So I did it.
It felt like a betrayal.
Very mucky. And it cost a lot (when I am used to getting it “free”).
Absolutely fed up with O2‘s hopeless upgrade options, I decided to buy a new phone. Apparently I have been eligible for an upgrade since 2006. That simply isn’t so, as I have had two phones since then, but neither appear to be registered on their system. No matter how many times I tell them, each call to their perky, perfectly-mannered team (“FFS, yes, you can call me Ben!”) is like a bizarrely personal production of Groundhog Day for phone geeks.
So, having read completely contrary accounts as to whether O2 intend to offer the phone I wanted, and thinking I might try speaking Esperanto to the customer services team next time to see if I can be any more comprehensible, I took the plunge and ordered online from Nokia. My N900 arrived promptly and, after a couple of days playing with it, I can safely say it is the most fascinating and powerful little gadget I’ve ever had.
To be clear: I am in love. Not the girly sort of romantic love that geekdom is infamously inept at. This is hardcore, soul-shaking gizmo love. Processing passion. Firmware rapture.
Of course, some people don’t get phones (I need to be careful here as the über geeks will remind me the N900 is not a mobile phone but an internet tablet with mobile telephony added). So I thought I would try a car analogy – with a view to winding up iPhone users. I should warn that this enterprise comes with health warnings: I don’t drive.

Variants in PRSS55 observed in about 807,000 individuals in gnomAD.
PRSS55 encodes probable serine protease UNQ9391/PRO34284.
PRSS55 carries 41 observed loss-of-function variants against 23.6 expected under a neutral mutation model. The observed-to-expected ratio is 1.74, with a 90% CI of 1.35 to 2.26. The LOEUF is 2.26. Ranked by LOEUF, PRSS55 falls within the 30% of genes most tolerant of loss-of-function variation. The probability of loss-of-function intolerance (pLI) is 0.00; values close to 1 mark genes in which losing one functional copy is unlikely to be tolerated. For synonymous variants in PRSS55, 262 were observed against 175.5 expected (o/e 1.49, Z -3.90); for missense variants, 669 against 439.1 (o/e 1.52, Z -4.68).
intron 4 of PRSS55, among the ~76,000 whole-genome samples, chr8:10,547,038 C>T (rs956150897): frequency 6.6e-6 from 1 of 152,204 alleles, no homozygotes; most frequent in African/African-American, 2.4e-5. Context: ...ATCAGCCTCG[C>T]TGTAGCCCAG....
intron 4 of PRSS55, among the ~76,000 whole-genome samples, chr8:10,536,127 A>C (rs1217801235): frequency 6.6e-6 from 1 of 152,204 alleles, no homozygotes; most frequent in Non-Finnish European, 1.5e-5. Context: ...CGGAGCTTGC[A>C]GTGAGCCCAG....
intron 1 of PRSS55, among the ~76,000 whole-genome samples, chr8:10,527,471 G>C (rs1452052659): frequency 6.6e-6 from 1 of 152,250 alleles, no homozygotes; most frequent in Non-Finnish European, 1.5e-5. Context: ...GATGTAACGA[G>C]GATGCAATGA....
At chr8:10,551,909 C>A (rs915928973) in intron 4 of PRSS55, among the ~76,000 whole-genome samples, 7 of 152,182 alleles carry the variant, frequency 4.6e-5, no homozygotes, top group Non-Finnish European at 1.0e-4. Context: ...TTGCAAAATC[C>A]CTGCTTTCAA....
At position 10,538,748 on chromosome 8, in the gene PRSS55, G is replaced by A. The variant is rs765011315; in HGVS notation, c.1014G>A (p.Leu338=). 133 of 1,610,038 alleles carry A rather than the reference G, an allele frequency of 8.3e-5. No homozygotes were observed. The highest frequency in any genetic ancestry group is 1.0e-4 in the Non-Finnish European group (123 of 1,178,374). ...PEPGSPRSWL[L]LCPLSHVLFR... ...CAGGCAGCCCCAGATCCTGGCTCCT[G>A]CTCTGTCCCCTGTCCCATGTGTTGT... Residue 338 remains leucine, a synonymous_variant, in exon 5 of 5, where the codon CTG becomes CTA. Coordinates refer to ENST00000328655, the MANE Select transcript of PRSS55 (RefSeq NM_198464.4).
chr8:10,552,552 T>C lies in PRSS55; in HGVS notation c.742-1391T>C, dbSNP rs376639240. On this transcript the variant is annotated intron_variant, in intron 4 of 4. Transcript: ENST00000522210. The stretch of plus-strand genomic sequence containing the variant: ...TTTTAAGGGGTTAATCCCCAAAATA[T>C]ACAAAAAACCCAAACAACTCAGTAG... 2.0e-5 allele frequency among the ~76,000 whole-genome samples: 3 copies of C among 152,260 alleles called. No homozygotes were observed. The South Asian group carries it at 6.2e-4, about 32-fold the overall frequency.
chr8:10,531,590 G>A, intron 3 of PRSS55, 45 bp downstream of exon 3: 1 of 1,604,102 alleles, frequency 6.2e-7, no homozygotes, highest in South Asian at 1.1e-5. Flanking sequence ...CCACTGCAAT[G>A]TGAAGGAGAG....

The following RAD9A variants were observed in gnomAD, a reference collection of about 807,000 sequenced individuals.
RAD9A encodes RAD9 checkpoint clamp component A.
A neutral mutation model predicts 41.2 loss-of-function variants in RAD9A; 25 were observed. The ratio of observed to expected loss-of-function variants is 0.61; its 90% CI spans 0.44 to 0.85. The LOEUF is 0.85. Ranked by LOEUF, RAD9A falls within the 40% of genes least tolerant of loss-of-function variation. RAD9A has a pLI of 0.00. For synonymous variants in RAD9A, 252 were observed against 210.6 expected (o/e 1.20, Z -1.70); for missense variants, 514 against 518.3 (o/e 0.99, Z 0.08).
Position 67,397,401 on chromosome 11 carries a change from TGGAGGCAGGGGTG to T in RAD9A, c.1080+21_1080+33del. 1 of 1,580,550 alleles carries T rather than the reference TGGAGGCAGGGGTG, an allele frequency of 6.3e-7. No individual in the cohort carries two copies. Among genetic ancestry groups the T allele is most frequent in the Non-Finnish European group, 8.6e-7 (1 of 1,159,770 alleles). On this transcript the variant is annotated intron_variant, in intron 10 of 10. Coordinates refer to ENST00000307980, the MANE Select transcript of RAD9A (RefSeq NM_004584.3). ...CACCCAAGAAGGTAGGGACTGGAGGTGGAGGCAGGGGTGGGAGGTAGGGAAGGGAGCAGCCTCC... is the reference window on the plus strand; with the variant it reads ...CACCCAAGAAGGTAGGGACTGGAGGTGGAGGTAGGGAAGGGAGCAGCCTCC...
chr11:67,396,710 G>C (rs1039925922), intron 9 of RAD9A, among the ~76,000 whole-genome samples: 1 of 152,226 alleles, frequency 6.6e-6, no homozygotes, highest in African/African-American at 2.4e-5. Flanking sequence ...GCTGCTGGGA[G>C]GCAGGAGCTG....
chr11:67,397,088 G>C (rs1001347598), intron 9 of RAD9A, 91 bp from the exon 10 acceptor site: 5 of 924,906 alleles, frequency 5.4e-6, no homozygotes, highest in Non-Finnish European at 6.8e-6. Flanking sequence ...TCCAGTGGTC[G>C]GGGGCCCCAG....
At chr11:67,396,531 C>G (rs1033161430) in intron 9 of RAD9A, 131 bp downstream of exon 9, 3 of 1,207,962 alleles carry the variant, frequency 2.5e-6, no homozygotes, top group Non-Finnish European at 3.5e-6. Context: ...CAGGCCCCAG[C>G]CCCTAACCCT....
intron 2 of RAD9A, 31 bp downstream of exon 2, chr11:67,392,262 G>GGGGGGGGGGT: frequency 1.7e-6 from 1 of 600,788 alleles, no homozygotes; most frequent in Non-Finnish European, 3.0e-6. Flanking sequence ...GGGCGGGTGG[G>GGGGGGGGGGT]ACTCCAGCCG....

I think most ordinary folk are happy enough to own a phone that makes calls and that can send the occasional text message. They are after something simple and basic and functional. They are not interested in hacking it to pieces (we are talking coding, programming and general fiddling here rather than kindling axes) and are content for it to simply work.
That is: WORK.
This sort of phone is so common – because it is such a good ordinary workhorse – that it is practically invisible. To my mind this is the Ford Fiesta of phones: the Nokia N1100. If they were insects they would be Water Bears (that’s tardigrades to all you biologists) – prolific, unnoticed and utterly survivable. Thousands of aunties and grandparents the world over keep them neatly packed in their boxes for “emergencies”. Others, who have long since upgraded, have their N1100s languishing in a drawer – but only in stasis, ready to be reanimated the moment that flash capacitive screen decides it has been subject to one sticky finger too many.
The Flash Git
For some, the priorities are different. Being cool is a very serious consideration, particularly if “cool” can be dressed up as “useful“.
I can’t help it but every time I think of the iPhone I get this image of 1985, getting the bus to the Romford ABC to see Rocky IV and pimped out Ford Escorts (believe me – it is as bad as it sounds). All the cool kids have one – boy do you know they have one. And all the rest of us loser kids should want one (I did my 80s casual clothes shopping at Liberal Party jumble sales on a Saturday morning so no iPhone for guessing which category I fall into).
I don’t know if it is the contrarian in me, but for that reason alone I’ve held out against the entreaties of the Esperanto speakers of O2 and the various friends and colleagues who have evangelised about their iPhones and resisted the temptation to join the iHerd. XR3i, spoilers, alloy wheels, Ghia, Cabriolet… The iPhone has it all and in spades and just as the 80s cool kids used to congregate in gangs to check out the latest in Escort bling, so now iPhone users entertain their mates with their iFart and iSteam apps.
And yes – it is cool.
And no – I can’t pull it off.
(I also admit to a modicum of nervousness at this particular analogy as there is probably an equation that relates the number of iPhone-owning friends and relatives I have to my Escort-loving girlfriend in order to produce an accurate indication of the likely diminution of my social circle.)
The Power Geek Enthusiast
So this is where the self-styled l33t haxx0r ends up.
It’s not simple or bling that counts here.